TORONTO – The Toronto stock market turned lower late-morning Monday amid a muted response to a weekend deal for Cyprus that aims to prevent the country from sliding into bankruptcy and ditching the euro currency.
The S&P/TSX composite index edged 30.01 points lower to 12,727.34 with smartphone maker BlackBerry a major weight ahead of its earnings release later in the week.
Indexes had been higher earlier in the session after Cyprus clinched a €10-billion bailout after lengthy negotiations with the so-called troika of creditors — the International Monetary Fund, the European Commission and the ECB.
But in order to get the money, Cyprus had to come up with €5.8 billion on its own. The bulk of that money is now being raised by forcing losses on holders of large bank deposits, with the remainder coming from tax increases and privatizations.
The European Central Bank had threatened to cut off crucial emergency assistance to the country’s banks by Tuesday if no agreement was reached.
The country’s second-largest bank, Laiki, will be restructured, with all bondholders and people with more than €100,000 in their bank accounts facing significant losses.
“As often happens, you get a bit of a knee jerk response and then a little sober second thought afterwards,” said Bob Gorman, chief portfolio strategist at TD Waterhouse.
He said wasn’t a huge surprise that there was a deal “and now we move on.”
The Canadian dollar was also down from the highs of the session and late in the morning the currency was up 0.16 of a cent to 97.88 cents US.
U.S. indexes also lost early traction as the Dow Jones industrials lost 54.02 points to 14,458.01, the Nasdaq was down 8.59 points at 3,236.41 and the S&P 500 index dipped 3.01 points to 1,553.88.
The focus will likely remain on developments surrounding Cyprus for awhile yet. In particular, investors will be interested to see the level of withdrawals from the country’s banks when they reopen. That’s scheduled for Tuesday.
A longer-lasting concern though is how the Cyprus deal plays out in other countries, notably those at the forefront of Europe’s debt crisis. Analysts warned there is still a risk of contagion spreading to other weak eurozone countries such as Spain, Italy and Greece.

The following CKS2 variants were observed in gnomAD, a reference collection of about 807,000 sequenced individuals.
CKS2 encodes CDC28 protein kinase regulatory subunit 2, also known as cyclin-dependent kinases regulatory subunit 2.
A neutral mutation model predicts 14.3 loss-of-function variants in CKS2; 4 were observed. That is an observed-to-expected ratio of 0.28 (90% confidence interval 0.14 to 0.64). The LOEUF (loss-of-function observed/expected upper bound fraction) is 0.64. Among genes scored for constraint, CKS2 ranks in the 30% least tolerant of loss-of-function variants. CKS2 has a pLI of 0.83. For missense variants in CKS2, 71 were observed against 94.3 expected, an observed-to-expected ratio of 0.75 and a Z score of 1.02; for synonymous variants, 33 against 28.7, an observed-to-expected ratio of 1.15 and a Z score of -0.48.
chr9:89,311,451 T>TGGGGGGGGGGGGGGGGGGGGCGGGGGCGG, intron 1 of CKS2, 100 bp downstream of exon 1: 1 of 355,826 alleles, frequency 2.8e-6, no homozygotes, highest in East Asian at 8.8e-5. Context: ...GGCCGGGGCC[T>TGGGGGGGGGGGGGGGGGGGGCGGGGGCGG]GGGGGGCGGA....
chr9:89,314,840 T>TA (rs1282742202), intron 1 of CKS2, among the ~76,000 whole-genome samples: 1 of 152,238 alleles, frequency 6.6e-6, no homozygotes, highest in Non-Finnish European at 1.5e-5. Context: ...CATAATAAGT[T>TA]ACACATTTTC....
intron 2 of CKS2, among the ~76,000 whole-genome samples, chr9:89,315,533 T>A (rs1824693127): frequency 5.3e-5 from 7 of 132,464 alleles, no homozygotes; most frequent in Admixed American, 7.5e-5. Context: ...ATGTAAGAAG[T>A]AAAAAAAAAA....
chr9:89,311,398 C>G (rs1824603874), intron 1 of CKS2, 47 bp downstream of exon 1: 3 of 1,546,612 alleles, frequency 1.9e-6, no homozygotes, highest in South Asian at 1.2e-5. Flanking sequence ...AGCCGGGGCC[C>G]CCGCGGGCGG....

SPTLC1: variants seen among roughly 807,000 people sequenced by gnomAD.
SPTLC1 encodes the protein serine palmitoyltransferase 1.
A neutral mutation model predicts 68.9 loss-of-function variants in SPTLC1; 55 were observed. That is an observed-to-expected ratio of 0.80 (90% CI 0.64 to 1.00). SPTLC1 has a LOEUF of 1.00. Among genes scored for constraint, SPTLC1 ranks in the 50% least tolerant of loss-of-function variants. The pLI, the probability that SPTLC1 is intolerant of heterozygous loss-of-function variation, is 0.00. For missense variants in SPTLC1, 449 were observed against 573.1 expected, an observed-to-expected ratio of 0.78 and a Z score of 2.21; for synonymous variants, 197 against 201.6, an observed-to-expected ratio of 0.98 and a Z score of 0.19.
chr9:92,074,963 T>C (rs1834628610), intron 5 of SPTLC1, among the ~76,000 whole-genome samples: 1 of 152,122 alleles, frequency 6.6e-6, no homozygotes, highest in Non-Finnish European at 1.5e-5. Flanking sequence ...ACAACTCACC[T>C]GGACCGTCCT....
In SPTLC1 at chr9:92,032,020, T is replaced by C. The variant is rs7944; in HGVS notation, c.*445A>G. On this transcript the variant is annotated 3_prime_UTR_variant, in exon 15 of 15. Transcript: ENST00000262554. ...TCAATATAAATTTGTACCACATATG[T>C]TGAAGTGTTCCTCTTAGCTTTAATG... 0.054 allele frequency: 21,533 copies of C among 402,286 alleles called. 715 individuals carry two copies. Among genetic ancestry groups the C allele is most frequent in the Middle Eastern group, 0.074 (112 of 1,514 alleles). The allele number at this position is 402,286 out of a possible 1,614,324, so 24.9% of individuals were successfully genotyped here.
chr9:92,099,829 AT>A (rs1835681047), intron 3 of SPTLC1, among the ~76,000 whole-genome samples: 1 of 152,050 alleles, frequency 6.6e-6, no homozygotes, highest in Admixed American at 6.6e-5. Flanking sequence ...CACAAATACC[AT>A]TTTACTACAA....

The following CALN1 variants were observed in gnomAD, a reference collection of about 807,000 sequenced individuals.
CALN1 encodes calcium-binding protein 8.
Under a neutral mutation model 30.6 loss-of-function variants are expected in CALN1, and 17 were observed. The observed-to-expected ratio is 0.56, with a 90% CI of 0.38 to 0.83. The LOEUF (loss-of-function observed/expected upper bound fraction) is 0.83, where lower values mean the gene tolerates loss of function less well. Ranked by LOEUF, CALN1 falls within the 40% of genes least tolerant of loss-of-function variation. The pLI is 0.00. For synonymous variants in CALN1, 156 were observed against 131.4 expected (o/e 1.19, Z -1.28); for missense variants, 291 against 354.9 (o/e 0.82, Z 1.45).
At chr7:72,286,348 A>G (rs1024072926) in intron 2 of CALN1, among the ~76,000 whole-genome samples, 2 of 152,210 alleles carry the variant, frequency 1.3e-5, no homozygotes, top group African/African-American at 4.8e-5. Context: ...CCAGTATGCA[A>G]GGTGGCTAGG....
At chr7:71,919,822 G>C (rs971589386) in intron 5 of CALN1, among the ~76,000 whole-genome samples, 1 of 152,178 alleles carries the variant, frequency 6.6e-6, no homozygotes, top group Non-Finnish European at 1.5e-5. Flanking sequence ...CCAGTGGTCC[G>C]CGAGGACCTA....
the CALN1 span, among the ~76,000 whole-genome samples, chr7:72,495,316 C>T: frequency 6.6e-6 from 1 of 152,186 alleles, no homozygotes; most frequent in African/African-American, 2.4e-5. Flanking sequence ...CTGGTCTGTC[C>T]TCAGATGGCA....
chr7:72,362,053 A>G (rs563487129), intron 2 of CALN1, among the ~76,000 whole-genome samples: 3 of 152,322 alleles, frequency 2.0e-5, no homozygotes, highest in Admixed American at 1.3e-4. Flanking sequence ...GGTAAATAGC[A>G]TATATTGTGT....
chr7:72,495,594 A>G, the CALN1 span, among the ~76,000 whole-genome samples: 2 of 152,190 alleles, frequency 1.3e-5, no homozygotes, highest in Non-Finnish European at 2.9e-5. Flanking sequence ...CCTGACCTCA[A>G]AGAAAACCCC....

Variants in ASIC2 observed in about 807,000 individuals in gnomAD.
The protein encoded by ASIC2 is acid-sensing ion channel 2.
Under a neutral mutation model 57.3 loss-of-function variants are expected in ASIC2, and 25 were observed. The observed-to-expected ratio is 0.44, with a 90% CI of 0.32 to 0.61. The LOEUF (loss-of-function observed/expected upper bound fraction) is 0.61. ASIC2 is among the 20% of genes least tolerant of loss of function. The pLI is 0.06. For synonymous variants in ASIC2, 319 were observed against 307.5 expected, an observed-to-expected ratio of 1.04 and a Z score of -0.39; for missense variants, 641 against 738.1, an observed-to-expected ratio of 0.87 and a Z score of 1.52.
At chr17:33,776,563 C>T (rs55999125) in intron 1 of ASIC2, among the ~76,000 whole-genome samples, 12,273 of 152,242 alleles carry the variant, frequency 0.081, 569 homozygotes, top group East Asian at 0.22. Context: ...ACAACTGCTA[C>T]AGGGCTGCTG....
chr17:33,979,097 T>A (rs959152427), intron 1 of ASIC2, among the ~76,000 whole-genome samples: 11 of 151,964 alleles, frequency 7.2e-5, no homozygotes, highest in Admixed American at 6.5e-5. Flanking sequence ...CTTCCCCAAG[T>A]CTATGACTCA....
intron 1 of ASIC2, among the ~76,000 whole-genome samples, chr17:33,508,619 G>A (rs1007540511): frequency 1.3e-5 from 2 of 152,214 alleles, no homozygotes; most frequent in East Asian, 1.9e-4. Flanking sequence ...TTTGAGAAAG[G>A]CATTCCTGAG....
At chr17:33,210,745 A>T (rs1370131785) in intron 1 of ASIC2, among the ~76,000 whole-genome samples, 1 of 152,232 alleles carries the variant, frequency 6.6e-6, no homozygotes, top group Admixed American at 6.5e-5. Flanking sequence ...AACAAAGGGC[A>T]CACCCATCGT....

Early strong gains on European bourses also evaporated as London’s FTSE 100 index edged up 0.1 per cent, Frankfurt’s DAX was up 0.03 per cent and the Paris CAC 40 index declined 0.6 per cent.
The base metals sector led decliners, down 1.4 per cent with May copper off a penny at US$3.46 a pound. First Quantum Minerals (TSX:FM) dropped 47 cents to C$19.65.
The tech sector dropped 0.84 per cent as shares in smartphone maker BlackBerry (TSX:BB) fell for a second session in a row ahead of the release of its quarterly earnings on Thursday. Its stock was off session lows but still down 64 cents, or 4.2 per cent, to $14.55 on top of an eight per cent slide Friday as the smartphone maker’s new Z10 product officially went on sale in the U.S.
The company’s fourth-quarter earnings give a glimpse into how well the smartphones are selling in Canada, the U.K. and India, though details on its U.S. launch and other markets won’t be part of the financial report until the next earnings period.
“On balance, I think the numbers will be pretty decent — it’s going to be a loss, which is not unexpected but the sales numbers are going to be the story here,” added Gorman.
“We have had mixed sentiment with respect to very very early responses. I don’t think you’re going to see anything conclusive there until the keyboard equipped device comes out a little later on.”
The gold sector dropped one per cent as April bullion fell $9.70 to US$1,596.40 an ounce. Goldcorp Inc. (TSX:G) lost 29 cents to C$34.04.
The May crude contract on the New York Mercantile Exchange up $1.70 to US$95.41 a barrel. The energy sector was down 0.26 per cent as Cenovus Energy (TSX:CVE) dropped 26 cents to C$31.676.
In other corporate news, Dell plans to negotiate with Blackstone Group and investor Carl Icahn over new acquisition bids for the computer maker that rival an offer of more than US$24 billion from investors led by founder Michael Dell. Dell and Silver Lake Partners have offered to buy the company for $13.65 per share. Buyout specialist Blackstone is proposing to buy the company for $14.25 per share. Icahn wants to buy up to 58 per cent of Dell’s shares for $15 each. Icahn and other investors have criticized Michael Dell’s bid as too low.
AltaGas Ltd. (TSX:ALA) has agreed to pay US$515 million to purchase Blythe Energy LLC, which owns a 507-megawatt electricity generation plant and associated transmission line in Southern California. Its shares fell $1.19 to $34.85.